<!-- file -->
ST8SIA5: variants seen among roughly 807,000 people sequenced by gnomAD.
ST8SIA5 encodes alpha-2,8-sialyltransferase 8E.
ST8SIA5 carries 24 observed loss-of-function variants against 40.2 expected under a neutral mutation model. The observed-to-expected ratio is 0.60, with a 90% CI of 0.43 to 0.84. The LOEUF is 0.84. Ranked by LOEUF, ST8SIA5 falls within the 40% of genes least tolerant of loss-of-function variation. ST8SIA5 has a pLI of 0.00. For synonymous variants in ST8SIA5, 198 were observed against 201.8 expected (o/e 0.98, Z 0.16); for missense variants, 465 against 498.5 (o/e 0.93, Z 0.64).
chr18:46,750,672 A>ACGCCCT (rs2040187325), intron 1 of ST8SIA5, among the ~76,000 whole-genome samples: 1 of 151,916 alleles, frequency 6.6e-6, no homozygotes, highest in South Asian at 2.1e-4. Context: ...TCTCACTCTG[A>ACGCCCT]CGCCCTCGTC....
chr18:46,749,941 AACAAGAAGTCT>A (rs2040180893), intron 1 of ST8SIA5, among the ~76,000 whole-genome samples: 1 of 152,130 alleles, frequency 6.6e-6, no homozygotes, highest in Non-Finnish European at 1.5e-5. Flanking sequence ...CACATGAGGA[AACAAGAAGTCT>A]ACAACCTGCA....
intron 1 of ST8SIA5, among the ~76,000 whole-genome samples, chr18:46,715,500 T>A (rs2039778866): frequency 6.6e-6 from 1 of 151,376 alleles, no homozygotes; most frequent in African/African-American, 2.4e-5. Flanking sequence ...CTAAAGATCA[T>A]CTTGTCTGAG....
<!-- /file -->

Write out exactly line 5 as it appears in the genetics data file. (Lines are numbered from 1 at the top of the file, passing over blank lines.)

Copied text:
chr18:46,749,941 AACAAGAAGTCT>A (rs2040180893), intron 1 of ST8SIA5, among the ~76,000 whole-genome samples: 1 of 152,130 alleles, frequency 6.6e-6, no homozygotes, highest in Non-Finnish European at 1.5e-5. Flanking sequence ...CACATGAGGA[AACAAGAAGTCT>A]ACAACCTGCA....